5. My side hobby is to buy cheap DSLRs, astro-modify them and sell them to make a small profit. During the last 2 years or so I've had (several) lower-end Canon cameras and in my experience, 550D is the best for the money. You can occasionally find them used for around €100 (likely within the same price range in the UK). The 550D has a pretty good sensor, the same as in 7D, it's not too painful to astro-modify, and it also supports video crop mode, a huge benefit for planetary astrophotography!
  6. Another vote for Samyang/Rokinon 135mm ! It's a very sharp, portable and fast (!) lens, yet the focal length is still quite forgiving (in terms of tracking accuracy). The field of view is so wide that objects in the night sky are generally quite easy to find. Here's my recent shot of the California Nebula with just 1hr 15min of exposure. Bortle 5. I'm also using the Star Adventurer. https://www.astrobin.com/full/a2i42a/0/
  7. This lens is the best astrophotography purchase I've ever made. Pictures taken with Samyang 135mm, a modified Canon 60D and SW Star Adventurer.
  8. Glad I'm not the only one who sees it! You're right, it is quite difficult to see visually, I've never seen it either. Not sure if it's even possible with an 8 inch scope? Perhaps under the most perfect seeing conditions...?
  9. Thank you David! I have to admit that the field rotation caused by my alt-az mount did give me a little headache. Luckily the number of frames used for the video was not too high so I was able to just manually derotate them.
  10. Hi everyone, Thought it would be nice to share an animation of Mars I made after last night's imaging session. The video was captured during a 4 hour time period. From my location (61 degrees North), the max altitude of Mars is around 33 degrees. The temperature was around -1 Celsius and the seeing conditions were, surprisingly, pretty good. In the beginning you can see Valles Marineris moving to the shadow and if you pay attention, Olympus Mons should also be visible near the end of the video. The scope used was Celestron CPC 800 and the camera ZWO ASI 120 MC-S. Initially I tried imaging with a Barlow but found that the native 2000mm focal length gave the "cleanest" results. Clear Skies, Tomi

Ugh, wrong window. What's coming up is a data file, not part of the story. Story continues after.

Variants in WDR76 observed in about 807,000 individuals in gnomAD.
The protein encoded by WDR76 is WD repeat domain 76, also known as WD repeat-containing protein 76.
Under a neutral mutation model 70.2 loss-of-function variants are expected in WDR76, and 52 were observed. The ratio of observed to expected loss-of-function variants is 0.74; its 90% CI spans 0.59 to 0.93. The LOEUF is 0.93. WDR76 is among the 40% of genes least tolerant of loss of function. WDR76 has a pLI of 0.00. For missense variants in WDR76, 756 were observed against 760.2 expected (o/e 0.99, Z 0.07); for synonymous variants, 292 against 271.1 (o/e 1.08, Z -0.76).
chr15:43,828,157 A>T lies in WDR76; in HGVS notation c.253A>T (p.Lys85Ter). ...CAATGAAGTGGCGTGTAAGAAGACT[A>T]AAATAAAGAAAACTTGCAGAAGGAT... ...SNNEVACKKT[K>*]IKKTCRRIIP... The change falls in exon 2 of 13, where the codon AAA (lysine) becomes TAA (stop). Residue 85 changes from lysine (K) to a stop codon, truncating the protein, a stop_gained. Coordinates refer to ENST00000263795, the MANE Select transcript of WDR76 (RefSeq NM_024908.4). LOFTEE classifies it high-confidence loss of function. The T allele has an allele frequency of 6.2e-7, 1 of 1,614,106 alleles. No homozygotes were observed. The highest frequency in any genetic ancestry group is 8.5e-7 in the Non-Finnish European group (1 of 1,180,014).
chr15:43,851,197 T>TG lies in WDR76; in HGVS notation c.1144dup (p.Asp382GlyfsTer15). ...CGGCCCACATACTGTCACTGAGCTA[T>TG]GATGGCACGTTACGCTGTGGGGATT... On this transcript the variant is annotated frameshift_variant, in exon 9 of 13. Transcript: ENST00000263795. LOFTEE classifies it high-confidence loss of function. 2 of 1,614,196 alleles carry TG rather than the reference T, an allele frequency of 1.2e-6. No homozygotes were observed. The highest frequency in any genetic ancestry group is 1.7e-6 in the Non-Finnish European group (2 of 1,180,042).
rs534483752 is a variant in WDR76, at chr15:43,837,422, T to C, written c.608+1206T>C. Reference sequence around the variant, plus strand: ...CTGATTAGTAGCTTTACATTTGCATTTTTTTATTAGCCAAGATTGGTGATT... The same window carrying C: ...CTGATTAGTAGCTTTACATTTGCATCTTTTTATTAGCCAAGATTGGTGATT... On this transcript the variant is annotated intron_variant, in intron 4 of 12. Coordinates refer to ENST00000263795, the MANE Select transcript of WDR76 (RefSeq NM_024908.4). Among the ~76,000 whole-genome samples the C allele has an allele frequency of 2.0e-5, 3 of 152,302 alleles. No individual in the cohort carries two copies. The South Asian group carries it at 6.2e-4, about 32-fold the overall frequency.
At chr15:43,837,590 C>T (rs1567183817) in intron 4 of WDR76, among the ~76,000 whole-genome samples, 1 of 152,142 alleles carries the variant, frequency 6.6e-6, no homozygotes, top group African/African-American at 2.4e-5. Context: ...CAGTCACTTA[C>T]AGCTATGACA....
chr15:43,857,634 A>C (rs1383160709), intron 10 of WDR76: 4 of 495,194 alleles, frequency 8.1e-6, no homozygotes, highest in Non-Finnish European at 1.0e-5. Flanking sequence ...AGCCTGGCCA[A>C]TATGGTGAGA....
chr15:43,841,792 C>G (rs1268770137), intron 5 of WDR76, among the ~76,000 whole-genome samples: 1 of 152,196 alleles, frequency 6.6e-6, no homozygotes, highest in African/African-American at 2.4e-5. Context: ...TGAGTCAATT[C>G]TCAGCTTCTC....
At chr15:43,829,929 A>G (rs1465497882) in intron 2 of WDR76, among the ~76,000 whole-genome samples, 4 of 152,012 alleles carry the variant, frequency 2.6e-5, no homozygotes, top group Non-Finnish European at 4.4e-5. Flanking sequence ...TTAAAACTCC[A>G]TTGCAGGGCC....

11. Hi Jake! I had a similar problem with my Celestron C8. The whole secondary assembly was loose. The problem was solved by replacing the original paper-like gasget (located between the corrector plate and the secondary mirror assembly) with a new improved one from Starizona. Although I can’t be 100% sure, I don’t think that the Meade SCT design is that much different from Celestron, so perhaps this might work for you too. The fix does require removing the corrector plate and the secondary mirror. I did the repair myself and did not find it too difficult. Here’s the gasget I used. Not sure if it is Meade-compatible, though. https://starizona.com/store/manufacturers/starizona/hyperstar-conversion-kit-c8-gasket I hope this helps, clear skies! Tomi
  12. To my understanding they used to be imperial when Celestron still manufactured their telescopes in the U.S. When production shifted to China they began to use metric parts.
  13. Hi everyone, I’ve astro-modified my Canon EOS 60D by removing the rear filter and leaving the front low pass filter (this one) in place. Which light pollution filter do I need, CLS or CLS-CCD? Clear Skies, Tomi
  14. Hi Dave, Try another power cable. I used to have a bit similar issues with my Celestron CPC. Turned out it was all down to a faulty cable that was supplied with the telescope. Another thing worth asking, just to make sure, have you set your date in mm/dd/yyyy format?